The ongoing crackdown in Russia affects a sizable population: The global organization counts more than 171,000 Witnesses and 2,300 Kingdom Halls in the country.
In Toledo, Layla and Abed Semaan, a mother and son who immigrated separately to the United States from Lebanon, see parallels between the situation in Russia and the situation they experienced decades ago in Lebanon. Middle Eastern countries have long looked unfavorably on the faith, to varying degrees, as their family knows from experience.
Ms. Semaan recalled an incident in the late 1960s or early 1970s, when her children were young, in which she was traveling from a neighboring country back into Lebanon. At a checkpoint at the border, an officer noticed a Bible in her hand and demanded to see it.
The officer opened the book and noticed that she had underlined or commented on certain passages, Ms. Semaan said through her son, who translated for her. The officer asked her about it, accusing her of changing the words of the Bible to fit her own agenda, and then told her he was taking her to a superior officer.
“They got closer to the door to his superior officer, and he looked back at her and said, ‘Aren’t you afraid? I’m taking you to the higher officer,’ ” Mr. Semaan recalled. “And she told him, ‘There is really nothing for me to afraid of. I have not done anything wrong.’ ”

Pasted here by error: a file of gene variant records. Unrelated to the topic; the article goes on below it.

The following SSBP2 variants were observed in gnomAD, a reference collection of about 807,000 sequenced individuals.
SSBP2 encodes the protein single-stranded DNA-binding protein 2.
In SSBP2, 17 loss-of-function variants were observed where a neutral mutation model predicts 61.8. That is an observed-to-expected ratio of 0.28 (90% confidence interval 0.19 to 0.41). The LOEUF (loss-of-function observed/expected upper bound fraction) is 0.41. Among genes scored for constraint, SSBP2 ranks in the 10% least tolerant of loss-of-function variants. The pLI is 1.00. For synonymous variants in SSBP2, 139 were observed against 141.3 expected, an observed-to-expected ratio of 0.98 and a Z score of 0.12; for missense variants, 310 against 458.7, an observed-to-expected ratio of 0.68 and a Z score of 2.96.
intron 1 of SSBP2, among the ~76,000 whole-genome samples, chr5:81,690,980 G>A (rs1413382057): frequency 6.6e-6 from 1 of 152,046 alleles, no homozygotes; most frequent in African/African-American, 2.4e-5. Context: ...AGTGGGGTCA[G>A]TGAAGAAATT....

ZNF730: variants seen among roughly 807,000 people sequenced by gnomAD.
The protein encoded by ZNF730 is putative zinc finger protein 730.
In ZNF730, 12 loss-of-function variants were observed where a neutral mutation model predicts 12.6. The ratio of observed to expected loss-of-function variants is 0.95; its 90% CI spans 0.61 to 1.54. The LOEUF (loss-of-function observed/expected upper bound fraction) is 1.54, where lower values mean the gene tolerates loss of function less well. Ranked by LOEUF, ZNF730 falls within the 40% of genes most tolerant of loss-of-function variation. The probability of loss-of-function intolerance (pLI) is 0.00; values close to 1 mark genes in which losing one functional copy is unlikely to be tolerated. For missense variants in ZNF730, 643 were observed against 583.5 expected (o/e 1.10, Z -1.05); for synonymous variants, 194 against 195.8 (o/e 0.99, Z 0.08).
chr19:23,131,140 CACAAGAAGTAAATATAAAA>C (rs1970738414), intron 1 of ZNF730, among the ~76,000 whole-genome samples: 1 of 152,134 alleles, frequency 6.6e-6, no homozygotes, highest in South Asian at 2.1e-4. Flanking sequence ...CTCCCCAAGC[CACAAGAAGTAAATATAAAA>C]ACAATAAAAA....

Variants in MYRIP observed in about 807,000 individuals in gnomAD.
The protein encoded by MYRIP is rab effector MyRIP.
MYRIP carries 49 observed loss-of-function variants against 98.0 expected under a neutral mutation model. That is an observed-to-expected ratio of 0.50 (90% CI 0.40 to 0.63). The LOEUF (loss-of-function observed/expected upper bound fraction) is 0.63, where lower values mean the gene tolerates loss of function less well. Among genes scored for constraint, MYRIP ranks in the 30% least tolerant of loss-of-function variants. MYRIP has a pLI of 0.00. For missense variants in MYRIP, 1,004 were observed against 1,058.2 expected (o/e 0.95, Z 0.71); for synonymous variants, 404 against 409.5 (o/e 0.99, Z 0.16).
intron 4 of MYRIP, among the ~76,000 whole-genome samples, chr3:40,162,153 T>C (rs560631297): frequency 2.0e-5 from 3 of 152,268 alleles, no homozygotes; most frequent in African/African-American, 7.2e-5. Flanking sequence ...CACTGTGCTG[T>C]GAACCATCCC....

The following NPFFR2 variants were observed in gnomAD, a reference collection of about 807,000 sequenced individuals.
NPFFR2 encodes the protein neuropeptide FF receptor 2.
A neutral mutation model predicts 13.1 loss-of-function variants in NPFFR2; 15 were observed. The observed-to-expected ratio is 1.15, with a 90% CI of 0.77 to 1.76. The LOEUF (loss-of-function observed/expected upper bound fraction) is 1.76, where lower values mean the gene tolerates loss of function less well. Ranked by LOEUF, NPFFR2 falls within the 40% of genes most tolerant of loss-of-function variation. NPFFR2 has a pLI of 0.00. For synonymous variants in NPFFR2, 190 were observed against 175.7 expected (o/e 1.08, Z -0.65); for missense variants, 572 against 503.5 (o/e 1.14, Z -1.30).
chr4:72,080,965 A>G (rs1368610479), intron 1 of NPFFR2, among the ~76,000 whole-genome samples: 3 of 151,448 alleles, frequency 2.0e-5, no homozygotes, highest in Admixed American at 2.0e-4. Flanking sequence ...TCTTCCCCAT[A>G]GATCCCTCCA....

Her courage made an impression on the officer, who identified her as a Jehovah’s Witness because of it, Ms. Semaan said through her son. The officer quit his attempts to intimidate her, and, without taking her to the highers-up, returned the Bible and sent her back to her bus.
To be courageous isn’t to be fearless, said her son, who also learned in Lebanon what it’s like to be courageous in practicing his faith. To be courageous is to recognize something more important than the immediate danger in front of you.
“It’s endurance and sustained loyalty to the right principles,” he said. “And certainly the right principles are God’s principles that are outlined in God’s word in the Bible.
“To be steadfast in the face of seemingly overwhelming odds becomes easier, no matter what the obstacle or the difficulty is, because you have your faith, you have your hope, that carries you through because you know it’s … a bigger picture than you as a person,” he continued. “It is standing up for God’s principles.”
It’s a commitment to these principles that led Ms. Campbell to stay true to her convictions in the hospital and that led Ms. Semaan to stay calm in the face of intimidation. And, for Mr. Semaan, it’s what led him to continue practicing his faith in Lebanon in the early 1980s, when a civil war was contributing to circumstances that, in some cases, meant violence and intimidation for Witnesses.
He recalled attending a convention, much like the one being held in Toledo this week, where militiamen burst into the facility and began shooting toward the ceilings.
“I’m glad to say that when we come to conventions here in Toledo,” he said, “I don’t have to have fear in the back of my mind.”